14. PLUME prediction • PLUMES code used - continuum assumed • Axisymmetric, 2D - polar mesh • Progressive reduction in ambient pressure and change in domain size (but not grid) to achieve very difficult convergence • Free stream set to zero • No reactions (low O2 concentrations) • Single phase - assumes AL2O3 follows gas

    15. SATELLITE • Solution of P1, V1,W1, H1 and species concentrations as required • Turbulence solution is initiated (normally k-e) • Grid details • Nozzle mass flux and free stream boundary conditions • Global source terms for chemical reactions • Initial field values • Under-relaxation levels • Property settings

    16. EARTH • Cp function of gas composition and temperature. • Density - ideal gas equation using mean molecular weight based on local species concentration • Source terms for reacting chemical species concentrations based on Arrhenius rate expressions. • Static temperature derived using stagnation enthalpy, kinetic energy (U2) and Cp • Elemental mass balance for chemical species • Calculation and output of additional parameters, including Mach number and thrust/specific impulse

    17. Plume flowfield

    18. Post-processing • PHOENICS data converted into FEMVIEW database using PHIREFLY • FEMVIEW model assembled to provide 3D representation • FEMVIEW LOS and radiation integration routines applied

    19. Radiation calculation • Based on NASA handbook • Nw = ò Nwo (dt(l,w)/dl)dl} • Where Nwo is the Planck function for the given wavelength, w, and temperature T t is the transmissivity of the gas at a given location and is in turn a function of wavelength and path length, l, along the line of sight. t (l,w) = exp [-X(l,w)] where the optical depth X is the sum for all radiating species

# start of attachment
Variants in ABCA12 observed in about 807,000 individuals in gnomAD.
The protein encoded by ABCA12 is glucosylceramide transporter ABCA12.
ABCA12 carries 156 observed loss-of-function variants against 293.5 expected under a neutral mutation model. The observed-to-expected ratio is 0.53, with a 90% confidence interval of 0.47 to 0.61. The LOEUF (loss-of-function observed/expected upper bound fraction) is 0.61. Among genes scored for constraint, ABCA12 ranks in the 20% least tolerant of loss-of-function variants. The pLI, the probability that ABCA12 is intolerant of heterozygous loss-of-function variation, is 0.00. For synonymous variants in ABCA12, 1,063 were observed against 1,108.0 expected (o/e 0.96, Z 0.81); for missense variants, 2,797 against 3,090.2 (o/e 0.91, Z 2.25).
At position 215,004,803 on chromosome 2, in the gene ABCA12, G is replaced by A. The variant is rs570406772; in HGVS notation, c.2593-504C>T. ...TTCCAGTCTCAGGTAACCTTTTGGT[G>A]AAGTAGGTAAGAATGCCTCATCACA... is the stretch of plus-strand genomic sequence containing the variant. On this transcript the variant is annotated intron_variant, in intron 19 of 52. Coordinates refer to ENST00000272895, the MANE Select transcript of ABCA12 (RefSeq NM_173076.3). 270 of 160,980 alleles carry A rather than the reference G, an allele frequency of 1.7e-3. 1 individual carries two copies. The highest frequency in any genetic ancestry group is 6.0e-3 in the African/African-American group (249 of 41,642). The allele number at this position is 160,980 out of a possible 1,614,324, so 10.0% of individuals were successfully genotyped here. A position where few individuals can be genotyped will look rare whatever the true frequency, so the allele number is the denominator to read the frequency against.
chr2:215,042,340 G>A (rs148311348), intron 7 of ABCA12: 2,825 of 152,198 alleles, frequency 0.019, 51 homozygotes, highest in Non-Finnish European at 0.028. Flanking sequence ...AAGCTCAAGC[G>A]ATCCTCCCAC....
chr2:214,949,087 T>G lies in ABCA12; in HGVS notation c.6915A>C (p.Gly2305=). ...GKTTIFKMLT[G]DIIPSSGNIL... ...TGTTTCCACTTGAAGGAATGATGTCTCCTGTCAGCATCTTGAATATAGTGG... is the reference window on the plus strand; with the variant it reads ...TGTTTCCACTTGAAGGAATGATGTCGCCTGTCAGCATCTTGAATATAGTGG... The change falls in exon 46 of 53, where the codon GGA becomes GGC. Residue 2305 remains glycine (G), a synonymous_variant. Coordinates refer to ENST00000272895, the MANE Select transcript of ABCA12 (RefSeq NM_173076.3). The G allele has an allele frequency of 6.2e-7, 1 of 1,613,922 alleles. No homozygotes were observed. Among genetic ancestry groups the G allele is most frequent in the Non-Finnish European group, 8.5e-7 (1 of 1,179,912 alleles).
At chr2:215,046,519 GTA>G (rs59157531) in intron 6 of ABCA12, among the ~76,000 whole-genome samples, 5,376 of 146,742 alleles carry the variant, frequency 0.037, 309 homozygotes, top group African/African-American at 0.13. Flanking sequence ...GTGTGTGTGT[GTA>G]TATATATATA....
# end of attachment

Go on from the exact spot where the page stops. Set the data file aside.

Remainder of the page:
20. LOS – radiation calc

    21. Radiation calculation • The optical depth was calculated based on local path length and absorption for CO2, CO, H2O and particles. • Because no data was available for AL2O3 absorption, data for particles of similar emissivity was used • A wide bandwidth was used to capture all of the incident energy

    22. Integration of radiation • Normally an array parallel lines of sight are sent out from the view at the surface integral is taken • The plume is effectively too close to the motor surface to do this. • Individual lines of sight were sent out at different angles and then these values were integrated taking account the angle of incident radiation

    23. Results • Typically the radiation incident at the surface of the motor was calculated to be around 20kW/m2

    24. CONCLUSIONS • The amount of radiation incident upon the surface of a launch vehicle has been calculated • The flowfield was predicted using the PLUMES software which uses the PHOENICS CFD solver at its core • By assembling the 2D CFD results into a FEMVIEW 3D model, the radiative heat transfer could be calculated by integrating the transmission along a line of sight through the plume from the surface of the launcher

    25. RECOMMENDATIONS • Efforts need to made to validate the approach used • The following areas need to be addressed • Assumption of continuum at these altitude • Plume structure at these pressure ratios • Al2O3 absorption coefficients • Radiation calculation method

    26. Adverts • User Forum (Thursday) • FEMGV